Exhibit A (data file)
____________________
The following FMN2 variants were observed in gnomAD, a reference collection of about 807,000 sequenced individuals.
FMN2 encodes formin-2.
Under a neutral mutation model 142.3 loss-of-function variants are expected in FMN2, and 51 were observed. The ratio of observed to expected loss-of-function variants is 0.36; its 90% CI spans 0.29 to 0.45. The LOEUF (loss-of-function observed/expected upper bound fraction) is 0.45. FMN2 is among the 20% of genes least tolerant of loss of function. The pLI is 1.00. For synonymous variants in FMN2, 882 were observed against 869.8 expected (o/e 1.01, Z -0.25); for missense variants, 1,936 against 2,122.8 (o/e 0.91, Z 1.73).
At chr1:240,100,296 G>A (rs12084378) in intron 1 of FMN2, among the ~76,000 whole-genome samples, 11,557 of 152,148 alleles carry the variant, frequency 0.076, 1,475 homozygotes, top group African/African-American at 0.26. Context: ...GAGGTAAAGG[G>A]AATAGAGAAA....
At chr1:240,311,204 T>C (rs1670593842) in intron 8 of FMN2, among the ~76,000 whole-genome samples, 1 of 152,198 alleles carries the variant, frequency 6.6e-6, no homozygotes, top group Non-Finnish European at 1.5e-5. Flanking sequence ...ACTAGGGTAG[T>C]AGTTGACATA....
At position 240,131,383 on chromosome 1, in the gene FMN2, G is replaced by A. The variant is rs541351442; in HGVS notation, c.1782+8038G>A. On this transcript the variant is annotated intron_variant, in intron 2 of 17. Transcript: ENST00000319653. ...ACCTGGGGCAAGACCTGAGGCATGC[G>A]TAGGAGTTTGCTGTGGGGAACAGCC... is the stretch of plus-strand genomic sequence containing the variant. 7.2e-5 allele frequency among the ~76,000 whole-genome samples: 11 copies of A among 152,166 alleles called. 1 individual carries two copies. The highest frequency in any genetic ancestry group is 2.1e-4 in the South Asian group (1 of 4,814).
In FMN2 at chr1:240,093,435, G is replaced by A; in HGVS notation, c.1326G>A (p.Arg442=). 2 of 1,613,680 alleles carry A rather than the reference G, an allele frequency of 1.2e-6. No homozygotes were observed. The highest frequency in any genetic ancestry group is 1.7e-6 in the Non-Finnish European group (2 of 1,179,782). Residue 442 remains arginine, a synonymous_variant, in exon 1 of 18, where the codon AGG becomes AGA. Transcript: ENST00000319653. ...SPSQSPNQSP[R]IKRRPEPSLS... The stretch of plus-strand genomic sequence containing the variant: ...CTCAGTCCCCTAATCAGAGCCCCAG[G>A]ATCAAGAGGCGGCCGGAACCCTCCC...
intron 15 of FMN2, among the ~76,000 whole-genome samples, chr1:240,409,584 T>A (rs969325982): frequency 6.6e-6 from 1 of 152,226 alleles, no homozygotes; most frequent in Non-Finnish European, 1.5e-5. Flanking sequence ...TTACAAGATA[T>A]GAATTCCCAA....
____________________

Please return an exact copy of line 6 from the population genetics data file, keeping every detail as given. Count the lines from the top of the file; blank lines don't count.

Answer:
At position 240,131,383 on chromosome 1, in the gene FMN2, G is replaced by A. The variant is rs541351442; in HGVS notation, c.1782+8038G>A. On this transcript the variant is annotated intron_variant, in intron 2 of 17. Transcript: ENST00000319653. ...ACCTGGGGCAAGACCTGAGGCATGC[G>A]TAGGAGTTTGCTGTGGGGAACAGCC... is the stretch of plus-strand genomic sequence containing the variant. 7.2e-5 allele frequency among the ~76,000 whole-genome samples: 11 copies of A among 152,166 alleles called. 1 individual carries two copies. The highest frequency in any genetic ancestry group is 2.1e-4 in the South Asian group (1 of 4,814).